I don’t really know what else to say. There’s not a lot to analyse here, because it’s a short book, and it flagrantly ignores any attempt at structure (while nonetheless feeling quite complete and self-contained and right). And it’s very good.
Oh, and he’s extremely erudite. There were some very clever in-jokes, referencing both his own work and the real world. He’s the kind of author who benefits from annotations.
I suppose I might wish it were longer. And I think the ending could have been better – as it is, it’s a bit of an anticlimax.
Nonetheless: I’m not sure that Hogfather is the best book Pratchett’s written, but even if it had been the only book he had written, it would make him an author worth keeping an eye on. Never again will I doubt the heights he has achieved or suspect his reputation in my mind as being the result of nostalgia. No, he really was this good.
Adrenaline: 4/5. The short scenes, quick cutting, high stakes, creepy darkness and sheer exuberant energy of the writing made it a gripping read. No, perhaps, thrilling – it’s too disordered for that, without a big enough climax. But gripping.
Emotion: 2/5. A possible complaint is that it’s not a very emotional book. I was never really upset, or really elated. I like the characters, but I don’t feel for them all that much.
Thought: 4/5. Not a great philosophical essay, but it’s got sophisticated ethical themes, and a whole host of astute observations that at the least encourage the reader to see the world in a new way, and sometimes are actually thought-provoking as well. Add to that the unpredictable (and somewhat metaphysical) plot, and this may be fun but it’s certainly not brainless fun.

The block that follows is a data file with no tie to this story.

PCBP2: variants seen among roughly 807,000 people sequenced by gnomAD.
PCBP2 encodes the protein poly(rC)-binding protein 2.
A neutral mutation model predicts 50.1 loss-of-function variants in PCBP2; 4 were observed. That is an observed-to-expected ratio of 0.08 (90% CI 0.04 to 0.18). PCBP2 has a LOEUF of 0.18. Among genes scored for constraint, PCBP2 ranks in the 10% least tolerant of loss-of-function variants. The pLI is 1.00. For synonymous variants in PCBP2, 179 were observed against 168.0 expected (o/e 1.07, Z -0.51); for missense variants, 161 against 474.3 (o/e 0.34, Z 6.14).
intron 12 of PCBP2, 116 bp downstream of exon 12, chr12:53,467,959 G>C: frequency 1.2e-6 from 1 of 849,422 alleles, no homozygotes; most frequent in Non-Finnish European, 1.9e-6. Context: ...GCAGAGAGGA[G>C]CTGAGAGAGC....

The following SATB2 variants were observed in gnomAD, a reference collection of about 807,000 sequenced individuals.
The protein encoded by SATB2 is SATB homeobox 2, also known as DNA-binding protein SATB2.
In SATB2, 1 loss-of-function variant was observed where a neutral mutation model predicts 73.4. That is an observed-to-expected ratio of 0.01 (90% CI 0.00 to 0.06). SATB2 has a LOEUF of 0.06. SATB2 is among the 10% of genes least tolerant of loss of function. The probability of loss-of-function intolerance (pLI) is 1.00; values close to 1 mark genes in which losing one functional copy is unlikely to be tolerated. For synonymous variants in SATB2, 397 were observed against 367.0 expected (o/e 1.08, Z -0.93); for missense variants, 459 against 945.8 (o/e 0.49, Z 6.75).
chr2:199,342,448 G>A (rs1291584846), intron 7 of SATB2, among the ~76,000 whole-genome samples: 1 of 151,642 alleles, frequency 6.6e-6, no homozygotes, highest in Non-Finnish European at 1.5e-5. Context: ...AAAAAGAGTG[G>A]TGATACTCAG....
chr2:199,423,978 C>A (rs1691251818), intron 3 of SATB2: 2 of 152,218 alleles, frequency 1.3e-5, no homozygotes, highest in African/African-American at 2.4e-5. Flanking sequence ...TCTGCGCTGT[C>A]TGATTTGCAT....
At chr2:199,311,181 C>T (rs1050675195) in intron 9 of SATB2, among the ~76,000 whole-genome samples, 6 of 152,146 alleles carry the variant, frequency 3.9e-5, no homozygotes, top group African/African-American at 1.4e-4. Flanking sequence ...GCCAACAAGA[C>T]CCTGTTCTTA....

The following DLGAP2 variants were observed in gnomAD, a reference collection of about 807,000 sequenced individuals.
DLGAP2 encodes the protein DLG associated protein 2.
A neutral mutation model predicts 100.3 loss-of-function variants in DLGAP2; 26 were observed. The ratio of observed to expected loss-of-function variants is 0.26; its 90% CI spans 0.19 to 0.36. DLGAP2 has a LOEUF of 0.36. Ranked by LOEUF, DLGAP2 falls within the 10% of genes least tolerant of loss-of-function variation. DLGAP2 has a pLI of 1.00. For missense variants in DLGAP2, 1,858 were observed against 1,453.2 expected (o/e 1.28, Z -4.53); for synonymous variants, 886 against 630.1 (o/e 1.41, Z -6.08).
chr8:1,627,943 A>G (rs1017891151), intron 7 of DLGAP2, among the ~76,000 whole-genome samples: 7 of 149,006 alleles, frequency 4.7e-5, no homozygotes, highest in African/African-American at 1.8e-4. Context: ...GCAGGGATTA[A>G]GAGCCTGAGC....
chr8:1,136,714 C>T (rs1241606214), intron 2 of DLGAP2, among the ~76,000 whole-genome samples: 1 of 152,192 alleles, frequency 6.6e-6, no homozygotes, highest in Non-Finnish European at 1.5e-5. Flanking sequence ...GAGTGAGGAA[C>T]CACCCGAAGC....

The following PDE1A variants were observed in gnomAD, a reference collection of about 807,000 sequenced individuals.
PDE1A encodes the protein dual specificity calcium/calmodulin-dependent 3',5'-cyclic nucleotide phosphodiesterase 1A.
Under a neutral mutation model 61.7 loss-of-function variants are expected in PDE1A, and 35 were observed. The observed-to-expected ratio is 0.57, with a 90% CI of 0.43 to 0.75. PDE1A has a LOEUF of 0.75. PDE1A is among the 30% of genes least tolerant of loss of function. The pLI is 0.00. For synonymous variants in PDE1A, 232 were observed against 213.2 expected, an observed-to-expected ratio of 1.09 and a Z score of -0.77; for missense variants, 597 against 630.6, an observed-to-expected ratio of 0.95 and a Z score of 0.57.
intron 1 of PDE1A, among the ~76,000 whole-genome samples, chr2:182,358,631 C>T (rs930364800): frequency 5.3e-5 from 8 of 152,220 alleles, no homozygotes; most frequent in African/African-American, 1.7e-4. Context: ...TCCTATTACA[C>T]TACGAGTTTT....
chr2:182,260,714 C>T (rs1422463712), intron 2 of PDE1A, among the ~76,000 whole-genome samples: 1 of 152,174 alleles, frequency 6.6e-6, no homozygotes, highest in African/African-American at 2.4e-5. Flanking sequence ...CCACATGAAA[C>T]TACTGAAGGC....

Beauty: 4/5. Pratchett may not construct sentences that make you gasp out loud at their beauty, but he’s a consistently elegant and graceful prose stylist, and in Hogfather that prose is turned to the service of stunning images and an elegaic humanism.
Craft: 4/5. It’s able to make me laugh out loud, ponder a little about the human condition, and yearn for somebody to get a poker through the heart, often all in the same page. The prose is great, and the fact the plot is able to fit together at all is a testament to Pratchett’s feel for balance and form. On the other hand, the plot IS still a mess, and some scenes aren’t as good as they might have been, particularly the ending. There are also a handful of scenes that should have been cut entirely.
Endearingness: 5/5. How can you ask? It’s really funny. Plus, childhood! There’s not an objectionable moment to be found.
Originality: 2/5. OK, nothing about stealing Christmas is all that unique, though this is certainly a unique take on the idea.
Overall: 6/7. Very Good. I’m a little torn on whether this is Good or Very Good, but I think I’ll opt for the latter. It’s at the low end of Very Good, admittedly, but I think it qualifies. And now I want to go and re-read all those other classic Pratchetts…